Former Valencia County commissioner Ron Gentry, who lives just south of the city, recalled a “battle” the county commission had when I-3 zoning was proposed in the Rio Grande Industrial Park.

“We were told we’d have all kinds of oversight. The first application was for a trash recycling plant and we couldn’t stop it,” Gentry said.

He pointed out that once a zone change is granted, while property owners are subject to environmental regulations, they have the right to develop whatever they want to so long as it’s an allowable use of the zoning.

“I’ve known the Yates family all my life. They are good people with good intentions, but hell is full of good intentions,” Gentry said. “If you want to see I-3, go down to South Broadway (in Albuquerque).

“I don’t think we’re ready for it. Belen has its I-3 five miles south of town. We have it two miles south. Think about the long-term authority you’d have. I think you would lose it.”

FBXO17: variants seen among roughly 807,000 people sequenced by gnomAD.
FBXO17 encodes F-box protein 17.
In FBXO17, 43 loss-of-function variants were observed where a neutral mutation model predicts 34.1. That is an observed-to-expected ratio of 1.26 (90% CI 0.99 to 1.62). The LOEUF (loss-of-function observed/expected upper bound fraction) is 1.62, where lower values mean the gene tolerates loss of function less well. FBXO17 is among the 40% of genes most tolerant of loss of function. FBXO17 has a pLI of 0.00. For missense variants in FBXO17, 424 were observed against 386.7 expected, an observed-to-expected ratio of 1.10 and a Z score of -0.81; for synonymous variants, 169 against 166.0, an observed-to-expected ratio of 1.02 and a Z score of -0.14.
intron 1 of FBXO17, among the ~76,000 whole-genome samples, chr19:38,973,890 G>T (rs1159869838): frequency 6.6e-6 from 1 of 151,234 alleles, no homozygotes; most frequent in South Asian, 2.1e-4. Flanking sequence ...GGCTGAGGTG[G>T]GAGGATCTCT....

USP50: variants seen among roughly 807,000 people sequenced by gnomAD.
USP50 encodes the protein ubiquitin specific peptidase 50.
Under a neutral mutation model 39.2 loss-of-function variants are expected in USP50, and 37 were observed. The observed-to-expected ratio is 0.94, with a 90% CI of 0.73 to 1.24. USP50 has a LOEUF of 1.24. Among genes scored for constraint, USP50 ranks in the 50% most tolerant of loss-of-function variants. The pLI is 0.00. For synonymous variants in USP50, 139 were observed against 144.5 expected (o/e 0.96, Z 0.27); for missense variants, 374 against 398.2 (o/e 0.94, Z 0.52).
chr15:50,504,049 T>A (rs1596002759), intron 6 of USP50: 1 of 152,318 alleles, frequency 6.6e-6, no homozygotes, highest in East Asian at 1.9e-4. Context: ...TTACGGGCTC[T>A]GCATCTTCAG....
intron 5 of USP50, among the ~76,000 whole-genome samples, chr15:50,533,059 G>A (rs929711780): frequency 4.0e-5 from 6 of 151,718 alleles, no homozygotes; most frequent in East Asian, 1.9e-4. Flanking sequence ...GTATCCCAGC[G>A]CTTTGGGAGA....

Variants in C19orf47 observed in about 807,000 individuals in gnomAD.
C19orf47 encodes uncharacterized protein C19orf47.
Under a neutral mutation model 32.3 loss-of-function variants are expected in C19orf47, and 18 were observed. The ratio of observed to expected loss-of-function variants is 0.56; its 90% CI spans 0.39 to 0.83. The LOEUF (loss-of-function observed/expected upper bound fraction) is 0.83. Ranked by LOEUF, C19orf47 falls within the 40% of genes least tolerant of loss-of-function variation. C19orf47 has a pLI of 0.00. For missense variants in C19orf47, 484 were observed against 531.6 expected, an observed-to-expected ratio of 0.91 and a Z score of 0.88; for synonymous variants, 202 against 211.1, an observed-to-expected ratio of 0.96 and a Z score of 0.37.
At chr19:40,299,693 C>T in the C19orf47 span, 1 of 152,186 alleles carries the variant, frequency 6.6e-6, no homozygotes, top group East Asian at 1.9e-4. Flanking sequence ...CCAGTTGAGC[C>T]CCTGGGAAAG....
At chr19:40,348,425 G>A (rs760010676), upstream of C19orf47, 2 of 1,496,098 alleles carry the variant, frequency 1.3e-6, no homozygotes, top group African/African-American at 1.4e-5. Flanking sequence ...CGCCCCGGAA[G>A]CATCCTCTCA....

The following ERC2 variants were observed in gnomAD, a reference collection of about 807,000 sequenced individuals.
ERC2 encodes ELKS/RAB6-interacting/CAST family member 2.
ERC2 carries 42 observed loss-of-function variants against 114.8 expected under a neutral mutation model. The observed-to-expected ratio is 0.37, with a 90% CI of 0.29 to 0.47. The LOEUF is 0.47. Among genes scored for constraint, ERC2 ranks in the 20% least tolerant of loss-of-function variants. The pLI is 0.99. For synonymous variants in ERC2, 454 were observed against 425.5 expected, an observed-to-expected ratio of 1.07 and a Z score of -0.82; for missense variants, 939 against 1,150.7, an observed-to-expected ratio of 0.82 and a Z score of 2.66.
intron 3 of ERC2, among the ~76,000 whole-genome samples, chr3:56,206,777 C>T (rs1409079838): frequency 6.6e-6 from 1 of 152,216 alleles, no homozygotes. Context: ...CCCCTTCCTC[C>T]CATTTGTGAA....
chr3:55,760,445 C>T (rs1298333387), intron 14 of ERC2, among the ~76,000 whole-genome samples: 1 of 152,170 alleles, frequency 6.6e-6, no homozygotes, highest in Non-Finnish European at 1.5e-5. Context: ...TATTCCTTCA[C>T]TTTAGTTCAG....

After nearly three hours of testimony from the public, Rio Communities City Manager Martin Moore recommended the commission table the zone change requests until its Feb. 16 meeting to allow for a second public hearing.

“That will allow for additional opportunities for input and comment, so residents and those around us have ample opportunity to be heard,” Moore said.

The commission only makes a recommendation to the city council on whether to approve a zone change request. After an additional public hearing before the city council, the councilors will vote on whether or not to approve the request.

The planning and zoning commission will hear the Yates request again at 4 p.m., Thursday, Feb. 16, in the council chambers at Rio Communities City Hall,360 Rio Communities Blvd.


Open Book

Cibola Land Corporation Zone Change Application


Open Book

Rio Communities Zoning Code

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Julia M. Dendinger began working at the VCNB in 2006. She covers Valencia County government, Belen Consolidated Schools and the village of Bosque Farms. She is a member of the Society of Professional Journalists Rio Grande chapter’s board of directors.